how to duplicate array entries

Steven D'Aprano steve at REMOVE-THIS-cybersource.com.au
Mon Jan 11 22:58:00 CET 2010


On Mon, 11 Jan 2010 10:03:04 +0100, Alf P. Steinbach wrote:

>>> A Python "list" is an array functionality-wise.
>>>
>>> If one isn't observant of that fact then one ends up with O(n^2) time
>>> for the simplest things.
>> 
>> Well that's certainly not true. Some operations may be O(N**2), but
>> others are not: list.append() is amortized O(N) and for individual
>> appends, may be can be as fast as O(1).
> 
> The second sentence may or may not be true. I don't know of any
> fundamental 'list' operations that have quadratic time. Is there?

I should hope not, but you seem to indicate that there are, or could be 
-- you were the one who made the claim of O(N**2).

If you're talking about functions someone might write themselves, well 
there is no limit on the awfulness of that. No doubt you're aware of 
Bogosort, which has performance O(N!) instead of O(N*log N). Or the 
(sadly very common) "Polish Painter Algorithm". 

With a bit of work, one might even come up with a sometimes-O(N**2) 
algorithm based on dicts:


def increment(d, key):
    """Add one to the value of dict d[key]"""
    for k in d.keys():
        value = d.pop(key)
        if k == key:
            value = value+1
        d[key] = value

If all the keys hash to the same values, CPython dict lookup degenerates 
to O(N) due to the key collisions. If you then remove each key from the 
internal linked list, and re-add it to the end, then you might end up 
with something as bad as O(N**2).

Of course the above is a stupidly bad function, but it's not as bad as 
some things I've seen in real life.


> The first sentence is just baffling  --  what on Earth is the "that"
> that you think is not true?
> 
> OK, I can guess (correct me if I'm guessing wrong, please): you think
> I'm talking about elementary operations. I'm not. I'm talking about
> algorithmic complexity for loops doing e.g. insertions.

I'm sorry that I baffled you, but I was responding to your implication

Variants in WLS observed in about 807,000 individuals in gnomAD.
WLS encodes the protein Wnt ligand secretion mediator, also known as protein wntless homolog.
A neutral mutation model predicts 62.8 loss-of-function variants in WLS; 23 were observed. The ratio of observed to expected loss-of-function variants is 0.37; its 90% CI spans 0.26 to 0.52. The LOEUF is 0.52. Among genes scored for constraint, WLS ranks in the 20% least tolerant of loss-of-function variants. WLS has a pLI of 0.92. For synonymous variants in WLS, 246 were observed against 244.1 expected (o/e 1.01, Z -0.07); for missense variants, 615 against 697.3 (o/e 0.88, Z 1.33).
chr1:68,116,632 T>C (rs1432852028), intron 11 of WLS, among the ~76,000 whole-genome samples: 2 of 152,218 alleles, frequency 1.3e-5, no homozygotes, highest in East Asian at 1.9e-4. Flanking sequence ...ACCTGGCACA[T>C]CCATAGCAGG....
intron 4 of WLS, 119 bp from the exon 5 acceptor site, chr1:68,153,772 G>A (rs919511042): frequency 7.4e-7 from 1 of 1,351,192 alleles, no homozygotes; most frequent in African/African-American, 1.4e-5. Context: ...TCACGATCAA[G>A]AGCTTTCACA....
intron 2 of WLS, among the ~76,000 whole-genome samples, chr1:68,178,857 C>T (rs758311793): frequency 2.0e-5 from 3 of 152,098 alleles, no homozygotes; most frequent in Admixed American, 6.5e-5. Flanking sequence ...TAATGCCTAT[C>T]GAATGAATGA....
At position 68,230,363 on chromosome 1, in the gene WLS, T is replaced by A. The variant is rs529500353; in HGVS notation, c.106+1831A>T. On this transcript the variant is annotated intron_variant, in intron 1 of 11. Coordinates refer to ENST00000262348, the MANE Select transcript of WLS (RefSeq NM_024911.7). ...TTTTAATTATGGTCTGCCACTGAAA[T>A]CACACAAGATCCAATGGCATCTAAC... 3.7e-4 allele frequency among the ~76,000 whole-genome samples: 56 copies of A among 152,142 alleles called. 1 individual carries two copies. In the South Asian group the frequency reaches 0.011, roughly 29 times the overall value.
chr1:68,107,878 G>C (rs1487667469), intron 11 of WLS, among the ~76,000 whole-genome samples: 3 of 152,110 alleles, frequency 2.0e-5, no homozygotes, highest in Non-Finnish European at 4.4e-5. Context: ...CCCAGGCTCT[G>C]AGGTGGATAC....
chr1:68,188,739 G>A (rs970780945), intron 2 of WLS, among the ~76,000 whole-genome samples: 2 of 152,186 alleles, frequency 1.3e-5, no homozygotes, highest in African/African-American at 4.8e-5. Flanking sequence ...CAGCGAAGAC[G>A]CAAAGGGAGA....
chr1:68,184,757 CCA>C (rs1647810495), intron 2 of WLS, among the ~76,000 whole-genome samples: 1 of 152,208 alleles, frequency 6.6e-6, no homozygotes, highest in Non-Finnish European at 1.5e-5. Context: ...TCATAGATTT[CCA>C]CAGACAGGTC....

that failure to realise that Python lists are implemented as arrays will 
likely lead to people inadvertently writing O(N**2) algorithms when they 
need not.

Of course you are correct in the sense that there is no limit to the 
awfulness to code that can be written by somebody sufficiently 
incompetent, ignorant, inexperienced or unlucky. But as far as typical 
behaviour goes, I do not believe that the risks of writing such O(N**2) 
algorithms is any higher than it otherwise would be if they were called 
arrays. In fact, calling them "arrays" might give some people the false 
impression that every single append requires an expensive resize 
operation, which is not the case.

I will give you one thing: if you assume that Python lists are linked 
lists, then you might expect list.insert(0, x) to be O(1) and list[i] to 
be O(N). But in fact they are O(N) and O(1) respectively. Since indexing 
is typically far more common than insertion, this is a good thing.

But since Python lists are quite rich, and already provide methods for 
things like reversal and sorting, I just don't see that the risk of 
writing poorly performing functions is any greater because they are 
called "lists" rather than "arrays". Particularly if you treat them as an 
unspecified implementation of abstract lists, rather than assuming they 
are specifically linked-lists.



>>> Using the term "array" accentuates and clarifies this most important
>>> aspect.
>> 
>> But Python lists are designed to behave as lists.
> 
> No, I'm sorry, they're not.
> 
> A Python 'list' has de facto constant time indexing, or "random access".
> 
> A linked list  --  what the informal "list" means in programming  -- 
> does not have constant time indexing.

A linked list is a specific implementation of an even more general 
abstract data type, the list. This is why people specify "linked list"